[quote style=”boxed”]Focus on your audience. The story (product, service, etc) exists to serve the audience, not the other way around.[/quote]
Monica McCarthy is the founder of Show & Tell, an online home with the purpose of inspiring people to find and share their own story. A former Broadway, television, and film actress, Monica is also an on-stage and on-camera public speaking coach, specializing in helping bloggers and entrepreneurs in creating engaging video content and stellar keynote speeches. Based in New York City, Monica has led a series of successful Get Unstuck workshops for creatives, entrepreneurs, and artists.
Monica McCarthy is currently writing the chapters of her own story by traveling (next stop: a one-way ticket to Thailand), writing, running, and meeting incredible people along the way.
What are you working on right now?
Eek! Well in addition to packing for a quasi last minute trip to Southeast Asia, I just re-launched monicamccarthy.net under the title of Show & Tell so I’m getting the word out about that. I’m continuing to expand my public speaking consulting business for people looking to ramp up their skills on camera and on stage.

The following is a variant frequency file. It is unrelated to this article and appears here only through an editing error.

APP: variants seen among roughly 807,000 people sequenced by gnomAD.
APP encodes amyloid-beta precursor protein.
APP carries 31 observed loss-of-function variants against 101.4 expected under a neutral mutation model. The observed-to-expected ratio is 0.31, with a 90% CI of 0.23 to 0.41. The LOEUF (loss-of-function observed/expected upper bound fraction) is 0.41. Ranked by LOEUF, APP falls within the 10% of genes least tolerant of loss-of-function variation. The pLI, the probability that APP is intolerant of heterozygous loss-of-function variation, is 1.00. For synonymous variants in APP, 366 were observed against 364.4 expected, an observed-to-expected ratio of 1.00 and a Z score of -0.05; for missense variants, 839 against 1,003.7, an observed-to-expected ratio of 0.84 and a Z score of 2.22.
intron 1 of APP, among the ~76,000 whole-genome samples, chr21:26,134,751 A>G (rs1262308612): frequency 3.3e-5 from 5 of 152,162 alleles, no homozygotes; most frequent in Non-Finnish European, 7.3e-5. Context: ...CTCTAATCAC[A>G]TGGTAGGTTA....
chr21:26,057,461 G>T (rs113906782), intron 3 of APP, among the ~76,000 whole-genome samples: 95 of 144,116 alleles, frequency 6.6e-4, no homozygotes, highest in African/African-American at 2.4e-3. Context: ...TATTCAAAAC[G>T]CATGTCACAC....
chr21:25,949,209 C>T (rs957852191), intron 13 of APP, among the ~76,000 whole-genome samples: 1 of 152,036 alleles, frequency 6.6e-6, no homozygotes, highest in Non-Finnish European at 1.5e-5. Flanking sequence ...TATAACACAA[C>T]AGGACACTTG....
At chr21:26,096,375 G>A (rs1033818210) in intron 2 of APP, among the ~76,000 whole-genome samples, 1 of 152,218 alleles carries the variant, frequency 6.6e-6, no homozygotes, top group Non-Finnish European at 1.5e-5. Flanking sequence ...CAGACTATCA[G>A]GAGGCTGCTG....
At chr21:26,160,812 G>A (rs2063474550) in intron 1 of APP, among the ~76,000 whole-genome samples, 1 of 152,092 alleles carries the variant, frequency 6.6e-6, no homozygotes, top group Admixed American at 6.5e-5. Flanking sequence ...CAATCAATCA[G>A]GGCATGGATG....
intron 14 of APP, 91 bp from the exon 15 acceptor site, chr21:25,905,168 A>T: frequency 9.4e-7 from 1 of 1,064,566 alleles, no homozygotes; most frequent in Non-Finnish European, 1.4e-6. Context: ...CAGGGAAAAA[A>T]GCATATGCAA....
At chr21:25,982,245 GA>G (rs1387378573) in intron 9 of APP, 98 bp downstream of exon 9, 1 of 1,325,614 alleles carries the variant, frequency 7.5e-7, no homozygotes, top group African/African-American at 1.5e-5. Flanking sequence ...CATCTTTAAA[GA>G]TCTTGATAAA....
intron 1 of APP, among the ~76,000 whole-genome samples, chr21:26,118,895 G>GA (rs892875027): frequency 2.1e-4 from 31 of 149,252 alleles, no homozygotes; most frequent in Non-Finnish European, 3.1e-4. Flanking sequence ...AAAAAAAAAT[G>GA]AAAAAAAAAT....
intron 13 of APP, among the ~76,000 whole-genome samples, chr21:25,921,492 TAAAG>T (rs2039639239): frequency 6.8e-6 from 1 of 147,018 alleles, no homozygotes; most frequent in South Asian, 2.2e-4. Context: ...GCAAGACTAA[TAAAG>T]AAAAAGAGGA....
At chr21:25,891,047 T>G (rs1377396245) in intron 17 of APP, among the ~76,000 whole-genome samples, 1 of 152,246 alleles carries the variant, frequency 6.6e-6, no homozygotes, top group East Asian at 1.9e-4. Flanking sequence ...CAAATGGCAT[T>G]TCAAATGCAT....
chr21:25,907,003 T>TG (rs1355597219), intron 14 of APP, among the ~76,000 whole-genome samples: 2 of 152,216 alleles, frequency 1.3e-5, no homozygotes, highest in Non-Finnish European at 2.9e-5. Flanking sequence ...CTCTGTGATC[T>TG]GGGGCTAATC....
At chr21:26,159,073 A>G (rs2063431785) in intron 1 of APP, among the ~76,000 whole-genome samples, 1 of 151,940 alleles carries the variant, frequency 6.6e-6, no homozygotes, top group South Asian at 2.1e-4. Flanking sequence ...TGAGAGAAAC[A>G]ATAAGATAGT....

I’m also currently putting together an online course for people looking to find and share their stories in whatever way they choose to express them. My bigger projects include curating a product that includes interviews with inspiring people who have found their voice and sharing their message with the world and creating an online class for people in the process of doing so.
Where did the idea for Show & Tell come from?
Show & Tell is the result of numerous iterations of my own journey into searching for purpose, expression, and inspiration. I love that technology has made it possible to share our stories with the masses. But I also noticed a sense of chaos and people scrambling to find their unique place in the process. Some people know how they want to express themselves but aren’t exactly sure of their message, and others know what they want to say but aren’t sure how they want to express it.